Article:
RAN guitars offline. Did they close? Update: Trouble Relocating

Discussion in 'Sevenstring Guitars' started by chopeth, Feb 16, 2019.

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  1. diagrammatiks

    diagrammatiks SS.org Regular

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    Ya but plenty of builders will you make a headless with any carve and fan you want. Why would you have to have it in a boden shape.
     
  2. Ordacleaphobia

    Ordacleaphobia Shameless Contrarian

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    I think it's less "I deserve that" and more "there's no good reason for this not to be an option."
    "Good" of course being a subjective word, what constitutes a 'good' reason to me may not constitute a 'good' reason to you. Case in point, the KL headstock example. Shaping the wood into that specific style is a no-go for you since Ken dislikes it when people do that, and that's a good enough reason for you to not be on board with that idea.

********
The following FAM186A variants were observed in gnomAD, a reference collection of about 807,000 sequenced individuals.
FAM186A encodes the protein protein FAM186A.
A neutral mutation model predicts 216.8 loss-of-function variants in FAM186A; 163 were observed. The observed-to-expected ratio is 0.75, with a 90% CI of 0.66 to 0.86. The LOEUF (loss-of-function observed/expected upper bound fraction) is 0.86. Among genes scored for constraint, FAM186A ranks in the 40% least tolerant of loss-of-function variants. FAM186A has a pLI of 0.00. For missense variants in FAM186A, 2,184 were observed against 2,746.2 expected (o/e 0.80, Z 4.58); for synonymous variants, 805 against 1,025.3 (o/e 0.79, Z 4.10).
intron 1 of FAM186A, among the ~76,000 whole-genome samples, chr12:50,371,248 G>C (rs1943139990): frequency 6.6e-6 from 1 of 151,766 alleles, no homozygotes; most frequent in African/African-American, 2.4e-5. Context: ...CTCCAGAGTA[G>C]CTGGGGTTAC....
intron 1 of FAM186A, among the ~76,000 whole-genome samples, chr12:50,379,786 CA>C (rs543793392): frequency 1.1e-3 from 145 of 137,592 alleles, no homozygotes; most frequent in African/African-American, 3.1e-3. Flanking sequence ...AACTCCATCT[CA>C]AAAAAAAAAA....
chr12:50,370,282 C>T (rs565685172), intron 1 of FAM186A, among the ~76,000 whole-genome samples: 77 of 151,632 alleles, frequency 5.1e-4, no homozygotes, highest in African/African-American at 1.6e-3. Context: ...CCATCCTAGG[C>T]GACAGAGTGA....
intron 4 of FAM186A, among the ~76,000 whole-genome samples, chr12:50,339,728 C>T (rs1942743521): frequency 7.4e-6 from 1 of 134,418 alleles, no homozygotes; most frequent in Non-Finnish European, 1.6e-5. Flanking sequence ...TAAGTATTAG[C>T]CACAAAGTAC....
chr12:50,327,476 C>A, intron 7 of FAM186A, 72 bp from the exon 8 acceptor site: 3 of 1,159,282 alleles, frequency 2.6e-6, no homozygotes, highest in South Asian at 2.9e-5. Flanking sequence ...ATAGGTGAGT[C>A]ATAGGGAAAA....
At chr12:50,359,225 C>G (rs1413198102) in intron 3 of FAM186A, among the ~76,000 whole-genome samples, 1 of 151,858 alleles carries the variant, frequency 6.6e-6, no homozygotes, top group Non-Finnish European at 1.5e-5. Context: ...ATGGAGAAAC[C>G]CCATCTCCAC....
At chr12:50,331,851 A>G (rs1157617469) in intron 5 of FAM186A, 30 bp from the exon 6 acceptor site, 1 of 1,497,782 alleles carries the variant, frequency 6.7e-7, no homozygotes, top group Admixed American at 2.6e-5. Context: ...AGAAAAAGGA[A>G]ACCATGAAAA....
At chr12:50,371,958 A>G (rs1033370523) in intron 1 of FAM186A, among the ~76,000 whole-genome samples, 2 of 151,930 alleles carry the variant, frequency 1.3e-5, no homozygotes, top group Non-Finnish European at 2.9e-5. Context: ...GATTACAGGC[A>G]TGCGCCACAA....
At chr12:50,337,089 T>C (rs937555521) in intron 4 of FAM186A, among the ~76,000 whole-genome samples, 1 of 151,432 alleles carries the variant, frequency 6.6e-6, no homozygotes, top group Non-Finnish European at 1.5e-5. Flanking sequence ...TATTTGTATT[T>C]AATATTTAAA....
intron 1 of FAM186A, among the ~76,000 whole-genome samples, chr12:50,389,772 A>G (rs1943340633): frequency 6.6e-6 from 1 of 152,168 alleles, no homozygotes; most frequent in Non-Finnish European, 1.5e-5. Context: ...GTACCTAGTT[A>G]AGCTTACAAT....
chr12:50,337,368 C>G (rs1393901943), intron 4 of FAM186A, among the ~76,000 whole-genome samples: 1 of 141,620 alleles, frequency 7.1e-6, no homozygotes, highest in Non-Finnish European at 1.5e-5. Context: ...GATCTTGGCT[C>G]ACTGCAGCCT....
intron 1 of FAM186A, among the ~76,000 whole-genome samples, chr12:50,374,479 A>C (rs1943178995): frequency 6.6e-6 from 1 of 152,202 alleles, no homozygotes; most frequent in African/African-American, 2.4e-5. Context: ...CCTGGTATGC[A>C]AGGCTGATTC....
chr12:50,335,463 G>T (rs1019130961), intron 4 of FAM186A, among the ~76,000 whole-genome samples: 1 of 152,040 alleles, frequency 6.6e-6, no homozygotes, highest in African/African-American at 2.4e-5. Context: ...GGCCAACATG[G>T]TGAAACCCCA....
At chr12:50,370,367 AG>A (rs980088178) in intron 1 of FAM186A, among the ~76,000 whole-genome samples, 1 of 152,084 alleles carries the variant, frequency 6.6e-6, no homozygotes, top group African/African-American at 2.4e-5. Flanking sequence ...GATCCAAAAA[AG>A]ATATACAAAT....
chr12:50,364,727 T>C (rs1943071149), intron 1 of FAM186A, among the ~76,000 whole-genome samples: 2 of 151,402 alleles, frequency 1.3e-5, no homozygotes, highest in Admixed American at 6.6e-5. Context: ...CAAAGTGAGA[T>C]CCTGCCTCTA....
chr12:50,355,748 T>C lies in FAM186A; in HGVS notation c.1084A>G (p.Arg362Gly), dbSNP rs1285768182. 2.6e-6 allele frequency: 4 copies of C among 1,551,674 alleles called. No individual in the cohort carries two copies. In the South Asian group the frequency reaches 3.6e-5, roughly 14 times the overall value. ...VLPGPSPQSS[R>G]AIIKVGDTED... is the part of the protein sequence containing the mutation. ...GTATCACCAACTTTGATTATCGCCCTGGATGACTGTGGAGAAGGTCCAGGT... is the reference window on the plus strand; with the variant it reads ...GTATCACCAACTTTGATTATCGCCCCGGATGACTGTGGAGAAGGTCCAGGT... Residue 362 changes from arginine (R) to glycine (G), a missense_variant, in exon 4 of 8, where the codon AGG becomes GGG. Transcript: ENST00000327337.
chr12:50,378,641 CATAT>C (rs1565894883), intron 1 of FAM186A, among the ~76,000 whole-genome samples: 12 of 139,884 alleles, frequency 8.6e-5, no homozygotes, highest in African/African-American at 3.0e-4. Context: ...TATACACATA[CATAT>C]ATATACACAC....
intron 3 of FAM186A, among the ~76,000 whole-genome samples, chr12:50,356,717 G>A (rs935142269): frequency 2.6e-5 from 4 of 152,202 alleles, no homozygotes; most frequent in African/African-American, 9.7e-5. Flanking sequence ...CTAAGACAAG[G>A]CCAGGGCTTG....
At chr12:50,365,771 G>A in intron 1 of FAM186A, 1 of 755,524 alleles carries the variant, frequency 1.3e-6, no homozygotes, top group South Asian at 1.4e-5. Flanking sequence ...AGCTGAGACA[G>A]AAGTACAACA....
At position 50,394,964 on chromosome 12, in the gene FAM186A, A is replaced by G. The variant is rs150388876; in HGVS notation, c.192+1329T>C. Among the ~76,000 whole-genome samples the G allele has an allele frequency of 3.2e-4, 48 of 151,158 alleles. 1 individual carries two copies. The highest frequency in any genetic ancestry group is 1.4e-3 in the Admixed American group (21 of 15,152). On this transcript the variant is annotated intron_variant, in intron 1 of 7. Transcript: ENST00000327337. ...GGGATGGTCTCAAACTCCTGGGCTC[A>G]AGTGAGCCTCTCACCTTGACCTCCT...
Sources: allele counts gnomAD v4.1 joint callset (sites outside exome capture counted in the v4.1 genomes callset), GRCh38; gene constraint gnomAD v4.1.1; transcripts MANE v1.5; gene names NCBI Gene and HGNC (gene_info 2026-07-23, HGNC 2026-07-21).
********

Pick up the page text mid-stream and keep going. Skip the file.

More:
For someone else, that may not be a good enough reason. It's just wood being cut into shape, and the point of a custom guitar is for it to be custom to what you want, and why should this specific shape be off the table because someone who cut their wood that specific way first wants to be the only one to do so? It's just a personal ethics thing to you on whether or not that counts.

    Another reason for the conflicting opinions is perspective.
    I think your perspective is that you're looking at these guitars as a craft piece, a product rather than a tool- something that has it's own identity. Not unusual for high-end guitars.
    I agree that a Blackmachine is not worth $15k and that a knockoff would likely have more in common with a standard series Ibanez than the real deal, but it sounds like in this case you're more referring to what I call 'gucci syndrome;' where you want the brand rather than the item itself. I don't really care that much about if the guitar I'm playing is a real Blackmachine. It'd be nice, but really the only part I give a fuck about is the design, since that's what drew me to the product in the first place. Assuming the guitar itself is playable enough for it's price point, obviously.